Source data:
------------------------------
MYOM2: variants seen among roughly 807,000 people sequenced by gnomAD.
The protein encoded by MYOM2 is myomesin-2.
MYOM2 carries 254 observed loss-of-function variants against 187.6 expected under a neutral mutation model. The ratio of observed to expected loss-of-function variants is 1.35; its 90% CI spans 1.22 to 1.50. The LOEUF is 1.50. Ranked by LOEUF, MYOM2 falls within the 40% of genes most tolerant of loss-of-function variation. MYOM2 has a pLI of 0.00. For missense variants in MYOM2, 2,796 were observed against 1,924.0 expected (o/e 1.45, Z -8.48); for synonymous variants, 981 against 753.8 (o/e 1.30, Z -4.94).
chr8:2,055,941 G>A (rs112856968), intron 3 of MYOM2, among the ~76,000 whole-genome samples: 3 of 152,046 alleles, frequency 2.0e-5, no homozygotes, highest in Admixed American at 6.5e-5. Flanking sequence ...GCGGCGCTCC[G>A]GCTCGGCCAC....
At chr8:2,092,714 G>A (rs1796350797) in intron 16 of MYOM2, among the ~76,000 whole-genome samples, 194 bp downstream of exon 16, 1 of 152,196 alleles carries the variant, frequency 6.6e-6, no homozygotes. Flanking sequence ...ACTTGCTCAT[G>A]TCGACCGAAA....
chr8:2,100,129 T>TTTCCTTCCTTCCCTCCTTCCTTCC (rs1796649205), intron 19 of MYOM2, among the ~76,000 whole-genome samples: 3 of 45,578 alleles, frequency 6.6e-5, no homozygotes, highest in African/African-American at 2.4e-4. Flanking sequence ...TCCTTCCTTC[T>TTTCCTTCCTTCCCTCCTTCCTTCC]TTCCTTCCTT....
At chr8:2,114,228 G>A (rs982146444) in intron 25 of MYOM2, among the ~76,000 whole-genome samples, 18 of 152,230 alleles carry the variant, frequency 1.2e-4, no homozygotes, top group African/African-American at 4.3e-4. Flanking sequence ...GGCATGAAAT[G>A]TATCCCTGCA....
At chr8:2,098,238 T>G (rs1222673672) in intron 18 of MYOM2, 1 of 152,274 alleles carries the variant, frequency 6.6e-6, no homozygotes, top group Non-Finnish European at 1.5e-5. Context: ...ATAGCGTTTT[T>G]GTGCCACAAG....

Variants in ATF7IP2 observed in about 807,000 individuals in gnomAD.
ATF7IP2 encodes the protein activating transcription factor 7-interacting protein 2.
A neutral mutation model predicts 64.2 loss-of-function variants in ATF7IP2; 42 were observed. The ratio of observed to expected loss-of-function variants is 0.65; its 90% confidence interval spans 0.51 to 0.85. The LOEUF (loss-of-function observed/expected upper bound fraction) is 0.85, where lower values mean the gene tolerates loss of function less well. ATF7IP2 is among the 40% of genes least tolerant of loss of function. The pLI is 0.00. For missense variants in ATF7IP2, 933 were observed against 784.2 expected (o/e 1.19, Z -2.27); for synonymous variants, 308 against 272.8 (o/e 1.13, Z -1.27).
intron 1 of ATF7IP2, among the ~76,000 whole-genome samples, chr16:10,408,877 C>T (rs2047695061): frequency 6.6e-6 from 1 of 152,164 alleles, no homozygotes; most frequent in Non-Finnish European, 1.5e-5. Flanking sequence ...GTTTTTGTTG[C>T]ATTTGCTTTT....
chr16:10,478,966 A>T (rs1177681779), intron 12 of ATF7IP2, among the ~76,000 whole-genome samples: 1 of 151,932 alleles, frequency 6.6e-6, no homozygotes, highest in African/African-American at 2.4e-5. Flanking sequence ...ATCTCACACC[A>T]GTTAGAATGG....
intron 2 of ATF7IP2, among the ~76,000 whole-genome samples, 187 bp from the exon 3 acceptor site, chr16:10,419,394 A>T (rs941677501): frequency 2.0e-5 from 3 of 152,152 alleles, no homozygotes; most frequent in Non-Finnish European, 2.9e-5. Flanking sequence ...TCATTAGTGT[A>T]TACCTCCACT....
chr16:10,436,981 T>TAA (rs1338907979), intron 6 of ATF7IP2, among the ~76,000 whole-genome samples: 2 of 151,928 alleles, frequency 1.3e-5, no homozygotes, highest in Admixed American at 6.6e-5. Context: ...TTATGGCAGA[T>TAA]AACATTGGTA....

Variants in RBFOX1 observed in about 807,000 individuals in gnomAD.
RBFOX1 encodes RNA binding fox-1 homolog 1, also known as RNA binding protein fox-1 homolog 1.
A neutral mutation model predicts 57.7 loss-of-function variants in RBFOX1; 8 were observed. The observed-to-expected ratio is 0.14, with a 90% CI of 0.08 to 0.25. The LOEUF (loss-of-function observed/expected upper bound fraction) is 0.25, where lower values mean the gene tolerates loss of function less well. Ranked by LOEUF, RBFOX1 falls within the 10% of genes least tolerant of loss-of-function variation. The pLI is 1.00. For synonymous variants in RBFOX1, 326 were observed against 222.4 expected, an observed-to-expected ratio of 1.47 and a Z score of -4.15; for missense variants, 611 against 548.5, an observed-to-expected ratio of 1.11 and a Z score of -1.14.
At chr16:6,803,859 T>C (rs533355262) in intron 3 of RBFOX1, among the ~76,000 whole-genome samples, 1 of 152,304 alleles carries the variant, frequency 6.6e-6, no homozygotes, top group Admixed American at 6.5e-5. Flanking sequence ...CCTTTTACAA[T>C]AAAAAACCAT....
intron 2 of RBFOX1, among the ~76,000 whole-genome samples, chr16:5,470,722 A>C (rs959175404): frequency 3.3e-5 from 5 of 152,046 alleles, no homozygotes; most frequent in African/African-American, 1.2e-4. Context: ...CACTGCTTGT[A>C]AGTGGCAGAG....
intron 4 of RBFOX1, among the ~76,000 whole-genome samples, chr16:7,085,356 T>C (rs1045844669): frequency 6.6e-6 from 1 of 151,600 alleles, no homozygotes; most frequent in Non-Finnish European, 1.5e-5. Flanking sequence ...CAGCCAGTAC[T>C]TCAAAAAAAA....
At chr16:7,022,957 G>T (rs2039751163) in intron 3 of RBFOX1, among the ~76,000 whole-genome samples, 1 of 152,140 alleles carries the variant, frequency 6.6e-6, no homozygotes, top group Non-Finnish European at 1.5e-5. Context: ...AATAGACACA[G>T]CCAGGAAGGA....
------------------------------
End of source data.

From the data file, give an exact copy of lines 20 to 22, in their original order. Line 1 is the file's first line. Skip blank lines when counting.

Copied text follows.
intron 2 of RBFOX1, among the ~76,000 whole-genome samples, chr16:5,470,722 A>C (rs959175404): frequency 3.3e-5 from 5 of 152,046 alleles, no homozygotes; most frequent in African/African-American, 1.2e-4. Context: ...CACTGCTTGT[A>C]AGTGGCAGAG....
intron 4 of RBFOX1, among the ~76,000 whole-genome samples, chr16:7,085,356 T>C (rs1045844669): frequency 6.6e-6 from 1 of 151,600 alleles, no homozygotes; most frequent in Non-Finnish European, 1.5e-5. Flanking sequence ...CAGCCAGTAC[T>C]TCAAAAAAAA....
At chr16:7,022,957 G>T (rs2039751163) in intron 3 of RBFOX1, among the ~76,000 whole-genome samples, 1 of 152,140 alleles carries the variant, frequency 6.6e-6, no homozygotes, top group Non-Finnish European at 1.5e-5. Context: ...AATAGACACA[G>T]CCAGGAAGGA....